Mr WONG Kit
Chairman of the Chinese Medicine Practitioners Board
The Clinical Examination of the 2013 CMPs Licensing Examination was conducted in August 2013. A total of 445 candidates attended the Clinical Examination, and 200 candidates (44.9%) passed the Clinical Examination.
The Written Examination and the Clinical Examination of the 2014 CMPs Licensing Examination will be conducted in June and August 2014 respectively. The application period for non-listed CMP persons started on 17 September 2013 and ended on 31 October 2013, whereas the deadline for submitting applications for listed CMPs and repeaters is 28 March 2014. The PB has notified all qualified listed CMPs by mail the enrollment period for taking the examination.
As at December 2013, there were 6,737 registered CMPs, 61 CMPs with limited registration and 2,715 listed CMPs.
Pursuant to section 76 of the CMO, a registered CMP must apply for a valid practising certificate before he/she is allowed to practise Chinese medicine in Hong Kong. The usual validity period of a practising certificate is three years. Before a registered CMP is issued with the renewed practising certificate, he/she must fulfill the CME requirements determined by the PB. From Aug to November 2013, 576 registered CMPs were allowed to renew their practising certificates. All registered CMPs should report promptly to their CME Administrators their new CME cycles, required CME points, and the validity period of their practising certificates.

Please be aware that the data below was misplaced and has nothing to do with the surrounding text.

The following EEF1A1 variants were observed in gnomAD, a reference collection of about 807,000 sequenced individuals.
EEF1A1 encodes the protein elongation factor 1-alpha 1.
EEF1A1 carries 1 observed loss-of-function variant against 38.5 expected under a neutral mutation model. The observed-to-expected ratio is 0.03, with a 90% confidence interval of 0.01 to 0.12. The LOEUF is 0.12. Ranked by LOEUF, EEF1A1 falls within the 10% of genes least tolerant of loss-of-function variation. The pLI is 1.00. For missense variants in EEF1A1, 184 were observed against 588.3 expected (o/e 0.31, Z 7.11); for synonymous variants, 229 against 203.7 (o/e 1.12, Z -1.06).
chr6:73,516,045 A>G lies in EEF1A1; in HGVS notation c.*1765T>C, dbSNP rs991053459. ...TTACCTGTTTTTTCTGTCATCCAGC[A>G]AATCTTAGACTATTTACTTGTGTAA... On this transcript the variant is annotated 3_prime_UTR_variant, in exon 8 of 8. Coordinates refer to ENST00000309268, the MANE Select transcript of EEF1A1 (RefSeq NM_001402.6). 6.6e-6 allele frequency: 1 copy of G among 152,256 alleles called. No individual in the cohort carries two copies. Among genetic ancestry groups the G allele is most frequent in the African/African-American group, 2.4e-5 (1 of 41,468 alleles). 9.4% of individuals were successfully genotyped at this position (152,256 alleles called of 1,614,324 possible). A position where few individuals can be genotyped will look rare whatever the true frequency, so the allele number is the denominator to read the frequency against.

Apart from section 76 of the CMO, registered CMPs should, according to the Codes1, hold valid practising certificates to practise Chinese medicine. Any cases of violation shall be handled strictly by the PB in accordance with disciplinary procedures. Moreover, the CMO also stipulates that if a registered CMP practises Chinese medicine without obtaining a valid practising certificate for a period exceeding six months since the expiry of his/her practising certificate, the PB may order the removal of his/her name from the Register in accordance with section 56(1)(d) of the CMO.
1 The Codes refer to the Code of Professional Conduct for Registered Chinese Medicine Practitioners in Hong Kong and the Code of Conduct for Listed Chinese Medicine Practitioners.